Dying Indiana woman weds fiance in hospital room ceremony

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A dying Indiana woman married her fiance Tuesday with help from hospital staff, who turned her room in a medical intensive care unit into a wedding chapel.

Anna Gonzales and Justin Middleton exchanged vows at Indiana University Health in Indianapolis surrounded by relatives, nurses and social workers. The 30-year-old has lived with cystic fibrosis all her life and has been hospitalized since June 2. She was told she was nearing the end of her life.

With a weak voice, she whispered her "I do" to Middleton, with whom she fell in love over Thanksgiving dinner some years ago, the hospital said in a news release. The couple has been together for three years and engaged for two.

"I work in Elkhart and when they told me I needed to get here and that she was at the end of life, I came with very little," said Middleton. "I've never looked at a person's health. I've always looked at who they are. We all have our challenges, our downsides. I wanted to make this happens for Anna. Once the date was set, I snuck into the hospital gift shop and bought the ring."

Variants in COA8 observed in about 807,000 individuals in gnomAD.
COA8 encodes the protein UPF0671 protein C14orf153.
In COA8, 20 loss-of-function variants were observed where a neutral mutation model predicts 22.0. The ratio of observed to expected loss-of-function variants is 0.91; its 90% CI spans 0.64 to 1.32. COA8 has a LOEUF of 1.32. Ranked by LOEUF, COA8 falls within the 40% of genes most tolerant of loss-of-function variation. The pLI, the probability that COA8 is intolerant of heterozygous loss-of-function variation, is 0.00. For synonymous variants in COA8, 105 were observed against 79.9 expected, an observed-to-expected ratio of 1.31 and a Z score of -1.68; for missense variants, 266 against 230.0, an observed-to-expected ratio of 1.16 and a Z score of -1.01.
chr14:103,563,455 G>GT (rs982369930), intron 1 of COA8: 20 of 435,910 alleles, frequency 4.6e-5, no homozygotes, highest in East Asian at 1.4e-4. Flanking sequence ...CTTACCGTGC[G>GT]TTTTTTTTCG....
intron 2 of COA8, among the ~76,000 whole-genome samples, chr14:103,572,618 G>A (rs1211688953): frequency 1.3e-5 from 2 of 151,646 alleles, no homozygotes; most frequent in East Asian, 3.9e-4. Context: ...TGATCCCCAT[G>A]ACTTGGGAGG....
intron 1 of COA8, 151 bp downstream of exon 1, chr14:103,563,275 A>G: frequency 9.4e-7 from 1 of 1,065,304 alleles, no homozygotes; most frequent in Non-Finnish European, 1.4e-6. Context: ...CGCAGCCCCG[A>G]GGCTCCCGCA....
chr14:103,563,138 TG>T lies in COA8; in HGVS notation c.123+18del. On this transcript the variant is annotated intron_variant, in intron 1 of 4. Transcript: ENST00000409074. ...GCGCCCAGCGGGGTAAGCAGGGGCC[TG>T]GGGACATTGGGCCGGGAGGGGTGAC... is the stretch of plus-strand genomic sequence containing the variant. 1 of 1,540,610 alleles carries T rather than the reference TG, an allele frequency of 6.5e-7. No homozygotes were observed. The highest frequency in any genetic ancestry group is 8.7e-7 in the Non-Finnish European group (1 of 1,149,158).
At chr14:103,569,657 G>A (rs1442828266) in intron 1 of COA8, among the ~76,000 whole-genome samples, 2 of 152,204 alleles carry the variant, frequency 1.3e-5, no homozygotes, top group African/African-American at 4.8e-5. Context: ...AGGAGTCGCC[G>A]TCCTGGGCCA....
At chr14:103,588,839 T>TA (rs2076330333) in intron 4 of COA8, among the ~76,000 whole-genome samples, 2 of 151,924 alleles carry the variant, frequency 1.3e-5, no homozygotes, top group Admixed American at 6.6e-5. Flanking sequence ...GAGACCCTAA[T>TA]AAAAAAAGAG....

Hospital staffers quickly went to work prepping for the wedding: hanging paper flowers, arranging bouquets, placing battery-operated candles, coordinating refreshments and dressing Gonzales in a champagne gown with a gold tiara and matching veil.

The gown was stitched together by Ruth Miller, a hospital case manager.

"This is not about me; it's about helping the people we love," said Miller.

Gonzales was also given a manicure and had her hair prepped.

The couple were joined by Gonzales' brother and nieces. Hospital chaplain Staci Striegel said while the hospital may be an unconventional location for a wedding, "it is often in the chaos of life where beauty emerges and blessings and joys catch us by a wonderful surprise."

Gonzales was diagnosed with cystic fibrosis in her infancy and has been hospitalized multiple times throughout her life. It is marked by persistent lung infections and limits a patient's ability to breathe. It can cause lung damage and respiratory failure, according to the Cystic Fibrosis Foundation.

"It feels so special whenever someone is so ill and you can give them something so important and focus on the whole person," said Cynthia Brown, Gonzales' doctor. "There are times you can't make the disease better but you can ask, 'what is important to you right now?"

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